bcc-ugc - Man Page

Trace garbage collection events in high-level languages.


javagc [-h] [-v] [-m] [-M MINIMUM] [-F FILTER] pid
nodegc [-h] [-v] [-m] [-M MINIMUM] [-F FILTER] pid
pythongc [-h] [-v] [-m] [-M MINIMUM] [-F FILTER] pid
rubygc [-h] [-v] [-m] [-M MINIMUM] [-F FILTER] pid
ugc [-h] [-v] [-m] [-M MINIMUM] [-F FILTER] [-l {java,node,python,ruby}] pid


This traces garbage collection events as they occur, including their duration and any additional information (such as generation collected or type of GC) provided by the respective language's runtime.

This tool relies on USDT probes embedded in many high-level languages, such as Java, Node, Python, and Ruby. It requires a runtime instrumented with these probes, which in some cases requires building from source with a USDT-specific flag, such as "--enable-dtrace" or "--with-dtrace".

Since this uses BPF, only the root user can use this tool.


CONFIG_BPF and bcc.



Print the resulting BPF program, for debugging purposes.


Print times in milliseconds. The default is microseconds.


Display only collections that are longer than this threshold. The value is given in milliseconds. The default is to display all collections.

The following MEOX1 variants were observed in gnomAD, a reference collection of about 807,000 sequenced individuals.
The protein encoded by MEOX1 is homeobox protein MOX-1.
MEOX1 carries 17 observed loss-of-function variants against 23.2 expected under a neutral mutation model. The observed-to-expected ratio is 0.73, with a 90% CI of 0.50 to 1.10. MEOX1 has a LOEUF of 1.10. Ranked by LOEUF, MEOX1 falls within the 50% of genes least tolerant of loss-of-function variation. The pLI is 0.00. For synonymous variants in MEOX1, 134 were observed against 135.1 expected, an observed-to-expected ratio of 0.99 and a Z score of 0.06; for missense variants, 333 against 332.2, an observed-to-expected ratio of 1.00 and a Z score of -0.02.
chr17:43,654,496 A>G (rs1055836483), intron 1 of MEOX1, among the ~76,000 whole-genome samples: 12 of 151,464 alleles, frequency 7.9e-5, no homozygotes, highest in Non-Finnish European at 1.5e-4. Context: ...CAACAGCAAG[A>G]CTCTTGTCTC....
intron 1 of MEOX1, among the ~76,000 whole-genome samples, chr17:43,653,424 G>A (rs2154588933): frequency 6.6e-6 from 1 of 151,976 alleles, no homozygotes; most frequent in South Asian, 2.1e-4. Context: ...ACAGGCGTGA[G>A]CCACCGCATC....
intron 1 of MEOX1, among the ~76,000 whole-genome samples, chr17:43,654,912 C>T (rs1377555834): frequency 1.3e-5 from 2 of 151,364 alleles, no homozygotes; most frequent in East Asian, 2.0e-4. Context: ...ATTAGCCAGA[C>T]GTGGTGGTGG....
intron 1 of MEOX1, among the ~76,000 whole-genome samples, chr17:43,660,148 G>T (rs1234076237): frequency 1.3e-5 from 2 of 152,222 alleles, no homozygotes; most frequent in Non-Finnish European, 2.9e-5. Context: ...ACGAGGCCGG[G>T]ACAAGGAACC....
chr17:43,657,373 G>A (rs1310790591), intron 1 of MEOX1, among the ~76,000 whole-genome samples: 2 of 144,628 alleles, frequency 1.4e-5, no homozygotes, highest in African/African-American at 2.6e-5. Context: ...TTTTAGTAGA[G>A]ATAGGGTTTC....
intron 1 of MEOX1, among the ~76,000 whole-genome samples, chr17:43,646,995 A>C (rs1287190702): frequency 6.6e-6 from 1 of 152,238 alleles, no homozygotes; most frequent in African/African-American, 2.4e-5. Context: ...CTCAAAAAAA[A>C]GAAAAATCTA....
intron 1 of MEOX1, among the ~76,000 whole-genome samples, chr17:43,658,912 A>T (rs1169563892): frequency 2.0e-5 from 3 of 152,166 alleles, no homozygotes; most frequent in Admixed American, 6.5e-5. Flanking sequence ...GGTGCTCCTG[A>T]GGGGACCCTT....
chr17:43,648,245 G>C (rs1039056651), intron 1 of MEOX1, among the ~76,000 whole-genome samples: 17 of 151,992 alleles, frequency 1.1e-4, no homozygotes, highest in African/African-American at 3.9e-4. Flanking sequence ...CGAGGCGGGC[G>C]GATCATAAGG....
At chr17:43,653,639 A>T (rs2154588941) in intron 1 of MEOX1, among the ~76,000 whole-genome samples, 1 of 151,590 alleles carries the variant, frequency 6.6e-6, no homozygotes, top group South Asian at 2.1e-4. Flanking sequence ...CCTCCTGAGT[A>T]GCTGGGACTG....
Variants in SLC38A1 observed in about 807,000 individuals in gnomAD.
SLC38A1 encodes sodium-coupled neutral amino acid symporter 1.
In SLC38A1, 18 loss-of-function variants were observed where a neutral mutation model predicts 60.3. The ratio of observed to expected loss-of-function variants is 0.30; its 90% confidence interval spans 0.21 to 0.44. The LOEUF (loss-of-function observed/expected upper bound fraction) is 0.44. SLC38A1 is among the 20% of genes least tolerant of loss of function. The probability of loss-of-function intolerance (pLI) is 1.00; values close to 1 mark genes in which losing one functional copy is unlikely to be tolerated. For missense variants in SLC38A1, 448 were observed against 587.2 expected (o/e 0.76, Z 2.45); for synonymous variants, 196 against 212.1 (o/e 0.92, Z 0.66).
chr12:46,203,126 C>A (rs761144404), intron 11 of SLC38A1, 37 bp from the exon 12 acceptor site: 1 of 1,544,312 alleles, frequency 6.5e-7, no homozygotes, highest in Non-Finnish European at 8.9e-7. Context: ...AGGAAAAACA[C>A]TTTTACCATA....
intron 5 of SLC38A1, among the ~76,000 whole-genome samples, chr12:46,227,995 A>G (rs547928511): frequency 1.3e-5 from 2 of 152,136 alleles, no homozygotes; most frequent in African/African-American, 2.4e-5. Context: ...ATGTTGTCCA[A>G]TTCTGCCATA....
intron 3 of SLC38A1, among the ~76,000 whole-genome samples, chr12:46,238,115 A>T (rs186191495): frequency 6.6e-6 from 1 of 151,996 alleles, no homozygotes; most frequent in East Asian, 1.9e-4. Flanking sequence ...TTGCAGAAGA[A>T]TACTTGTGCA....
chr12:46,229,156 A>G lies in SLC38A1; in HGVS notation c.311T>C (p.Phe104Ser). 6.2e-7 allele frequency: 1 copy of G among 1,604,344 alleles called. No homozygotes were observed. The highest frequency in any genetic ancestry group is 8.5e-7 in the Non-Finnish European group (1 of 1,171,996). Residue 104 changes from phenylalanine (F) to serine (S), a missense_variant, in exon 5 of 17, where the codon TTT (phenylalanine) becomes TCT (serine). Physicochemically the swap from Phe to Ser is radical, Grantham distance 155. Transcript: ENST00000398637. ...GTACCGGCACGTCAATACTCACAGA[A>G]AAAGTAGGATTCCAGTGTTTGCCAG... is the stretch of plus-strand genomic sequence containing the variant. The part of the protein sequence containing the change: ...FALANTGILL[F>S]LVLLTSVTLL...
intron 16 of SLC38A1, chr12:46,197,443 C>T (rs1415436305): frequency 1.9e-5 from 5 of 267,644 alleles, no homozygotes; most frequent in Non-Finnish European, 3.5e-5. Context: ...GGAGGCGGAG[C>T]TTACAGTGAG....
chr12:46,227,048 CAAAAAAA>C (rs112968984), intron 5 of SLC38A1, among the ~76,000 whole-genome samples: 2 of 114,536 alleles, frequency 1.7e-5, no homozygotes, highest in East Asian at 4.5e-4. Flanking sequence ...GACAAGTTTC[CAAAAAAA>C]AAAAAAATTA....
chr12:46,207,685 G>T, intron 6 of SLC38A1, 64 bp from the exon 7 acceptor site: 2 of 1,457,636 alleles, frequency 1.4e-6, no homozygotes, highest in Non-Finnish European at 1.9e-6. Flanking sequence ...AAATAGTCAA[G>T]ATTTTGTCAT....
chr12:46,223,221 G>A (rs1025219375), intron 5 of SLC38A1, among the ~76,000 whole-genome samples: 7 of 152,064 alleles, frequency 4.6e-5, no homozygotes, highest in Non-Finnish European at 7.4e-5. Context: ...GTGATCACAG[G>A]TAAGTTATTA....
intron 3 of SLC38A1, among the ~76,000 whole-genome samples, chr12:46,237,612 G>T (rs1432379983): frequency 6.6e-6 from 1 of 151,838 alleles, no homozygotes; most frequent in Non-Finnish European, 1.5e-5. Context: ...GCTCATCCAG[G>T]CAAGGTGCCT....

Display only collections whose textual description matches (contains) this string. The default is to display all collections. Note that the filtering here is performed in user-space, and not as part of the BPF program. This means that if you have thousands of collection events, specifying this filter will not reduce the amount of data that has to be transferred from the BPF program to the user-space script.


The language to trace.


The process id to trace.


Trace garbage collections in a specific Node process:

# ugc node 148

Trace garbage collections in a specific Java process, and print GC times in

milliseconds: # ugc -m java 6004

Trace garbage collections in a specific Java process, and display them only if

they are longer than 10ms and have the string "Tenured" in their detailed description: # ugc -M 10 -F Tenured java 6004



The start time of the GC, in seconds from the beginning of the trace.


The duration of the garbage collection event.


The runtime-provided description of this garbage collection event.


Garbage collection events, even if frequent, should not produce a considerable overhead when traced because they are still not very common. Even hundreds of  GCs per second (which is a very high rate) will still produce a fairly  negligible overhead.


This is from bcc.


Also look in the bcc distribution for a companion _example.txt file containing example usage, output, and commentary for this tool.




Unstable - in development.


Sasha Goldshtein

See Also

trace(8), ustat(8), uobjnew(8)

Referenced By

The man pages bcc-javagc(8), bcc-nodegc(8), bcc-pythongc(8) and bcc-rubygc(8) are aliases of bcc-ugc(8).

2018-10-09 USER COMMANDS